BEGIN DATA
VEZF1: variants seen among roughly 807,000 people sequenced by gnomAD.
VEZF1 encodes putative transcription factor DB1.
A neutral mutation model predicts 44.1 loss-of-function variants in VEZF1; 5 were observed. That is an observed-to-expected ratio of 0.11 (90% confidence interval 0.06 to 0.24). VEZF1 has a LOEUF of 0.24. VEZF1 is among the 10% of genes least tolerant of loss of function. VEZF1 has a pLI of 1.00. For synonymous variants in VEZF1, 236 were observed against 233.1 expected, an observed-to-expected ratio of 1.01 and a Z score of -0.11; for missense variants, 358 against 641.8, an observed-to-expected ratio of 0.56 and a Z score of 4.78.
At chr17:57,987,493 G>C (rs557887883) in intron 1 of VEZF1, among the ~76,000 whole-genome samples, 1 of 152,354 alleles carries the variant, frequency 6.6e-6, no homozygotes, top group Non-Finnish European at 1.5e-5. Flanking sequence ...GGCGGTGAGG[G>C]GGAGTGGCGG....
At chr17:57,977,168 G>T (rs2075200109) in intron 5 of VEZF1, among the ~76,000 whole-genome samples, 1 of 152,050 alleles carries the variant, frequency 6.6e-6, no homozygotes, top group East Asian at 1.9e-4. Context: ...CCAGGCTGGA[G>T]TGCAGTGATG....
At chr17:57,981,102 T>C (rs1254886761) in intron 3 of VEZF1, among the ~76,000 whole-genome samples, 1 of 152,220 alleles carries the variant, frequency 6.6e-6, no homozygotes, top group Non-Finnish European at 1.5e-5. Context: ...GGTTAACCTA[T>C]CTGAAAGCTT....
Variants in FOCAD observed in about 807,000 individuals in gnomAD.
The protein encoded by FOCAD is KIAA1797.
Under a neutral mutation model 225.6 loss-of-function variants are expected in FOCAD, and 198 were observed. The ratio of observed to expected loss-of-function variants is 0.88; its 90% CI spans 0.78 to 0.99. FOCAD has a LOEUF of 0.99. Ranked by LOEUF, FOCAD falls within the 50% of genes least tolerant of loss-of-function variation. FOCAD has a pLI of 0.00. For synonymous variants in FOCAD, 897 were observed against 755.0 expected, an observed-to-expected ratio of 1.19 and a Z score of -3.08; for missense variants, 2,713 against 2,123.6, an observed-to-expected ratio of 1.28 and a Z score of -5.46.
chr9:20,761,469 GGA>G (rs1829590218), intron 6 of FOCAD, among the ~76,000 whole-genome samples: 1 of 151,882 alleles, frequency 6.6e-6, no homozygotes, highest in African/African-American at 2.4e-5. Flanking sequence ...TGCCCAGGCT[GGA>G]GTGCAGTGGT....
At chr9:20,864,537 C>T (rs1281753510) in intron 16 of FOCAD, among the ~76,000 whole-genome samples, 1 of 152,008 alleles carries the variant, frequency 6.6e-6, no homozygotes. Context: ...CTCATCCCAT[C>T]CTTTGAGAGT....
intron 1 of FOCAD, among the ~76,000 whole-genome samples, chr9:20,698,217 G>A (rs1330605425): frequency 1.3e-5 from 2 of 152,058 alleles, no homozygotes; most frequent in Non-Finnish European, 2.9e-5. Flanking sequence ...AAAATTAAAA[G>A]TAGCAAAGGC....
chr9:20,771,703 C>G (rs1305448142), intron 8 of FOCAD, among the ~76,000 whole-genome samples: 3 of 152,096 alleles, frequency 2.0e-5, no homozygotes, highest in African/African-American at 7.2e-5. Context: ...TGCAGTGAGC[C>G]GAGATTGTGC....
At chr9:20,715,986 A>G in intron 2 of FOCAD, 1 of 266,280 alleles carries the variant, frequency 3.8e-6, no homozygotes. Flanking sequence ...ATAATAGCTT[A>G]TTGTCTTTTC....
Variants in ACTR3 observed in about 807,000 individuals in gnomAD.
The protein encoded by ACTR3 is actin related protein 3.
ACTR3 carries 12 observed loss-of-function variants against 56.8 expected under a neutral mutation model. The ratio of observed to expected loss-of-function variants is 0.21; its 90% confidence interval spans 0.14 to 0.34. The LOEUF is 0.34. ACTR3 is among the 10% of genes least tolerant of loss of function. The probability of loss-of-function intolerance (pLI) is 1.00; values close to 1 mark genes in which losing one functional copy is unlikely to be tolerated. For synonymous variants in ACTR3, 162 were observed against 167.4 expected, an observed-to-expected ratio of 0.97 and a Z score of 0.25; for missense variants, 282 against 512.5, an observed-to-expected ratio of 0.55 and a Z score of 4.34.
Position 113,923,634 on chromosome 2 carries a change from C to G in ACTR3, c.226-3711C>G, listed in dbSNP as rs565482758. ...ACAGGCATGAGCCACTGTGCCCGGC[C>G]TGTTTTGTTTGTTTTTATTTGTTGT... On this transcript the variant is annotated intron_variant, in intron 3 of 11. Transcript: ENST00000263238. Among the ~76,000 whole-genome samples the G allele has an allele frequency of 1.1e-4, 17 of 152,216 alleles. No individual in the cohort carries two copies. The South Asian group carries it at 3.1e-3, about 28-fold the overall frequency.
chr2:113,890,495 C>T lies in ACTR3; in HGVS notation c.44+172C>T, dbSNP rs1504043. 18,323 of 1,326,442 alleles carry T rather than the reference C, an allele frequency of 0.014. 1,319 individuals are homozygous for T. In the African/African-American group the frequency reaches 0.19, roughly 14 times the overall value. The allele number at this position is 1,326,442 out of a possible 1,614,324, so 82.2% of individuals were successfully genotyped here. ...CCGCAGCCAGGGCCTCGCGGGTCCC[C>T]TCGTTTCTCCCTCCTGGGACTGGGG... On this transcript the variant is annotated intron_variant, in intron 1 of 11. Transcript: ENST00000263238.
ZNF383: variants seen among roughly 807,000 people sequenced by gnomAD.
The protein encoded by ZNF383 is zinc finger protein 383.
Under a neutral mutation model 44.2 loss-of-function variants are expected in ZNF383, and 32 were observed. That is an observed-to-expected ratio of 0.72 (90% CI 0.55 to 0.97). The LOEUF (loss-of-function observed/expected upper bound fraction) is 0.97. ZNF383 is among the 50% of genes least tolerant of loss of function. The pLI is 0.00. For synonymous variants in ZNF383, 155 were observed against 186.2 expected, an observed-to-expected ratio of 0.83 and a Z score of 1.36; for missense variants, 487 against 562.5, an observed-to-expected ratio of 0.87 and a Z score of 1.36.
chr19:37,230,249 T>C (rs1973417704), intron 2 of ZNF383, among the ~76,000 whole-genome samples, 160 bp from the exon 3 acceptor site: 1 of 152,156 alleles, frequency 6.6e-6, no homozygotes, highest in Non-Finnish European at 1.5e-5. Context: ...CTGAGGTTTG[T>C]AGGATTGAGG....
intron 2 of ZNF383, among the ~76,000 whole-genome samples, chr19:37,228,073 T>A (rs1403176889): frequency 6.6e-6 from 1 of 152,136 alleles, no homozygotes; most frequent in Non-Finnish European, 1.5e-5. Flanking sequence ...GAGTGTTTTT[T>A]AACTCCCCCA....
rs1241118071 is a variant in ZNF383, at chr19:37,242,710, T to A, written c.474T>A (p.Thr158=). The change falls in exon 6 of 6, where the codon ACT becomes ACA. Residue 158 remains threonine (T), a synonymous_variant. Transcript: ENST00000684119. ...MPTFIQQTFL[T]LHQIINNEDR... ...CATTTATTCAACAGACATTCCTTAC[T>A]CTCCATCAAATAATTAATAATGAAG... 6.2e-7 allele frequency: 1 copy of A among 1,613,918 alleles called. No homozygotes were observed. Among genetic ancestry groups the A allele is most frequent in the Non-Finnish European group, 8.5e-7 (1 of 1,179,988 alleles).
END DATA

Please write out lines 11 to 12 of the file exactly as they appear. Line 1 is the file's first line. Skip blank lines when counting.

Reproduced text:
At chr9:20,864,537 C>T (rs1281753510) in intron 16 of FOCAD, among the ~76,000 whole-genome samples, 1 of 152,008 alleles carries the variant, frequency 6.6e-6, no homozygotes. Context: ...CTCATCCCAT[C>T]CTTTGAGAGT....
intron 1 of FOCAD, among the ~76,000 whole-genome samples, chr9:20,698,217 G>A (rs1330605425): frequency 1.3e-5 from 2 of 152,058 alleles, no homozygotes; most frequent in Non-Finnish European, 2.9e-5. Flanking sequence ...AAAATTAAAA[G>A]TAGCAAAGGC....